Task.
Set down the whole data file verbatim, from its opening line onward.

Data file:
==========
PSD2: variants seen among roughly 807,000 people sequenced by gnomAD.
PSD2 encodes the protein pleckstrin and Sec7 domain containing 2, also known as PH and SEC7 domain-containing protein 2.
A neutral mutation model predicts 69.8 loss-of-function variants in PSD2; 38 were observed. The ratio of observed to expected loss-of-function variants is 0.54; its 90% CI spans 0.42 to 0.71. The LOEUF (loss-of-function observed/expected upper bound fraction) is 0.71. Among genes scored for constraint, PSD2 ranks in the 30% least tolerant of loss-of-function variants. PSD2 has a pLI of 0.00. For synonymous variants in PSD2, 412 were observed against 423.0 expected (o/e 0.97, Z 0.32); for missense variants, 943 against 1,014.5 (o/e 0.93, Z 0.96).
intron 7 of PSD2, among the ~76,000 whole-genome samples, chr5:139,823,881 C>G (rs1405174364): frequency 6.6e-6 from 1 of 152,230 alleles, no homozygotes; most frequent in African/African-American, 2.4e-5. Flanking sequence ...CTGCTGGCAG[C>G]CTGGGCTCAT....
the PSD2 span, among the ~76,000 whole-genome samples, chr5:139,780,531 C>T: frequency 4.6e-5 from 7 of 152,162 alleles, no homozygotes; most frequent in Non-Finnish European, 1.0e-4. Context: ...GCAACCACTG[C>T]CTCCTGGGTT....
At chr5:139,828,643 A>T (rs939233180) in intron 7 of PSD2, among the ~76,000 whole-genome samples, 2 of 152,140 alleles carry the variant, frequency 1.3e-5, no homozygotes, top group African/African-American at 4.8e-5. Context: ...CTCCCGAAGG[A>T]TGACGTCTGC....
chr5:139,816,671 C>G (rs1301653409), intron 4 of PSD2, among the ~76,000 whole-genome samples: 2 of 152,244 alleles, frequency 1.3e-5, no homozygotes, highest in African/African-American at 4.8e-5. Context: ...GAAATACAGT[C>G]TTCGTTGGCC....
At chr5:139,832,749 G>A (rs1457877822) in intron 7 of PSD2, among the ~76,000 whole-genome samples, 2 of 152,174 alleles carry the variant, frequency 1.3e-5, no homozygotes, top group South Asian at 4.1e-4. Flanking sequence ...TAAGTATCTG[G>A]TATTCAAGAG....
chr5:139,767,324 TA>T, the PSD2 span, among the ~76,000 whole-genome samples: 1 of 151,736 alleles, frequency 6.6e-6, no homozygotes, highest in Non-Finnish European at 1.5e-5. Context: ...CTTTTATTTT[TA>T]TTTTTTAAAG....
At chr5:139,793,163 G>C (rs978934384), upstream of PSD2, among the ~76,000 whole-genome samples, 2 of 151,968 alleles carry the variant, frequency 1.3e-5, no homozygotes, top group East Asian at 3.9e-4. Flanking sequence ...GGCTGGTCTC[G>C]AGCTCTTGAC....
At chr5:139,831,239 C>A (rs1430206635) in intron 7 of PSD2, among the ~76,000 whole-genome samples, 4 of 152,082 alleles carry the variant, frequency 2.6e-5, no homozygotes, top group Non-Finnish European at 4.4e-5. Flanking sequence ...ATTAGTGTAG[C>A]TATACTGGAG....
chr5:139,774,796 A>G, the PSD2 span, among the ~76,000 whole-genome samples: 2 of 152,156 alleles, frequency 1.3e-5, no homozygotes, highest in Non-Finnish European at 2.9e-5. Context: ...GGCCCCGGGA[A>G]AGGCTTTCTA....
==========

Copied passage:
PSD2: variants seen among roughly 807,000 people sequenced by gnomAD.
PSD2 encodes the protein pleckstrin and Sec7 domain containing 2, also known as PH and SEC7 domain-containing protein 2.
A neutral mutation model predicts 69.8 loss-of-function variants in PSD2; 38 were observed. The ratio of observed to expected loss-of-function variants is 0.54; its 90% CI spans 0.42 to 0.71. The LOEUF (loss-of-function observed/expected upper bound fraction) is 0.71. Among genes scored for constraint, PSD2 ranks in the 30% least tolerant of loss-of-function variants. PSD2 has a pLI of 0.00. For synonymous variants in PSD2, 412 were observed against 423.0 expected (o/e 0.97, Z 0.32); for missense variants, 943 against 1,014.5 (o/e 0.93, Z 0.96).
intron 7 of PSD2, among the ~76,000 whole-genome samples, chr5:139,823,881 C>G (rs1405174364): frequency 6.6e-6 from 1 of 152,230 alleles, no homozygotes; most frequent in African/African-American, 2.4e-5. Flanking sequence ...CTGCTGGCAG[C>G]CTGGGCTCAT....
the PSD2 span, among the ~76,000 whole-genome samples, chr5:139,780,531 C>T: frequency 4.6e-5 from 7 of 152,162 alleles, no homozygotes; most frequent in Non-Finnish European, 1.0e-4. Context: ...GCAACCACTG[C>T]CTCCTGGGTT....
At chr5:139,828,643 A>T (rs939233180) in intron 7 of PSD2, among the ~76,000 whole-genome samples, 2 of 152,140 alleles carry the variant, frequency 1.3e-5, no homozygotes, top group African/African-American at 4.8e-5. Context: ...CTCCCGAAGG[A>T]TGACGTCTGC....
chr5:139,816,671 C>G (rs1301653409), intron 4 of PSD2, among the ~76,000 whole-genome samples: 2 of 152,244 alleles, frequency 1.3e-5, no homozygotes, highest in African/African-American at 4.8e-5. Context: ...GAAATACAGT[C>G]TTCGTTGGCC....
At chr5:139,832,749 G>A (rs1457877822) in intron 7 of PSD2, among the ~76,000 whole-genome samples, 2 of 152,174 alleles carry the variant, frequency 1.3e-5, no homozygotes, top group South Asian at 4.1e-4. Flanking sequence ...TAAGTATCTG[G>A]TATTCAAGAG....
chr5:139,767,324 TA>T, the PSD2 span, among the ~76,000 whole-genome samples: 1 of 151,736 alleles, frequency 6.6e-6, no homozygotes, highest in Non-Finnish European at 1.5e-5. Context: ...CTTTTATTTT[TA>T]TTTTTTAAAG....
At chr5:139,793,163 G>C (rs978934384), upstream of PSD2, among the ~76,000 whole-genome samples, 2 of 151,968 alleles carry the variant, frequency 1.3e-5, no homozygotes, top group East Asian at 3.9e-4. Flanking sequence ...GGCTGGTCTC[G>C]AGCTCTTGAC....
At chr5:139,831,239 C>A (rs1430206635) in intron 7 of PSD2, among the ~76,000 whole-genome samples, 4 of 152,082 alleles carry the variant, frequency 2.6e-5, no homozygotes, top group Non-Finnish European at 4.4e-5. Flanking sequence ...ATTAGTGTAG[C>A]TATACTGGAG....
chr5:139,774,796 A>G, the PSD2 span, among the ~76,000 whole-genome samples: 2 of 152,156 alleles, frequency 1.3e-5, no homozygotes, highest in Non-Finnish European at 2.9e-5. Context: ...GGCCCCGGGA[A>G]AGGCTTTCTA....